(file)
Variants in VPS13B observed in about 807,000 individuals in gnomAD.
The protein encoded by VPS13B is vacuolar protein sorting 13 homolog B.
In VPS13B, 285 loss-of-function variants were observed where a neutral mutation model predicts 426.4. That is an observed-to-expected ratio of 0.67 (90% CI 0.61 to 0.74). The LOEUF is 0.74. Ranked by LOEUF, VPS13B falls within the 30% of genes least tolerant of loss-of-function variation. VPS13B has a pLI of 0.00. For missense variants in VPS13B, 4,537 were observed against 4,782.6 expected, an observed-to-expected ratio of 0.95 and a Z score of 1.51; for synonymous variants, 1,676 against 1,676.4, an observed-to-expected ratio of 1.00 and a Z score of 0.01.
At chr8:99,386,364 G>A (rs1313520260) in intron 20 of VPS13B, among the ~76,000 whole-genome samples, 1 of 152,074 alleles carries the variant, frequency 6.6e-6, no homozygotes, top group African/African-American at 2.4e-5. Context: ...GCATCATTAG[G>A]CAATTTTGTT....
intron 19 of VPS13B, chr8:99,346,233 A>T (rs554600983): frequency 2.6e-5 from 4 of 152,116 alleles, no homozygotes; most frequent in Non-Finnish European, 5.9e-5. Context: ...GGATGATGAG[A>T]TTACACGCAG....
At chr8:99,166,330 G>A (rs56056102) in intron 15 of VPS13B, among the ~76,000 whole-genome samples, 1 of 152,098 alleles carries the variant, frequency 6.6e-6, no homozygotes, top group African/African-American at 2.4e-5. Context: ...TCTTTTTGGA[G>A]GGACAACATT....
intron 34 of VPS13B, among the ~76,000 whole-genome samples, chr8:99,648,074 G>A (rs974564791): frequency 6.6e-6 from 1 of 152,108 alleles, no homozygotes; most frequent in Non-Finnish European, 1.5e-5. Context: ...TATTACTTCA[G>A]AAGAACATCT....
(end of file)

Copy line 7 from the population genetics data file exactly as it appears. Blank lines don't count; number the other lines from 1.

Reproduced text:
intron 34 of VPS13B, among the ~76,000 whole-genome samples, chr8:99,648,074 G>A (rs974564791): frequency 6.6e-6 from 1 of 152,108 alleles, no homozygotes; most frequent in Non-Finnish European, 1.5e-5. Context: ...TATTACTTCA[G>A]AAGAACATCT....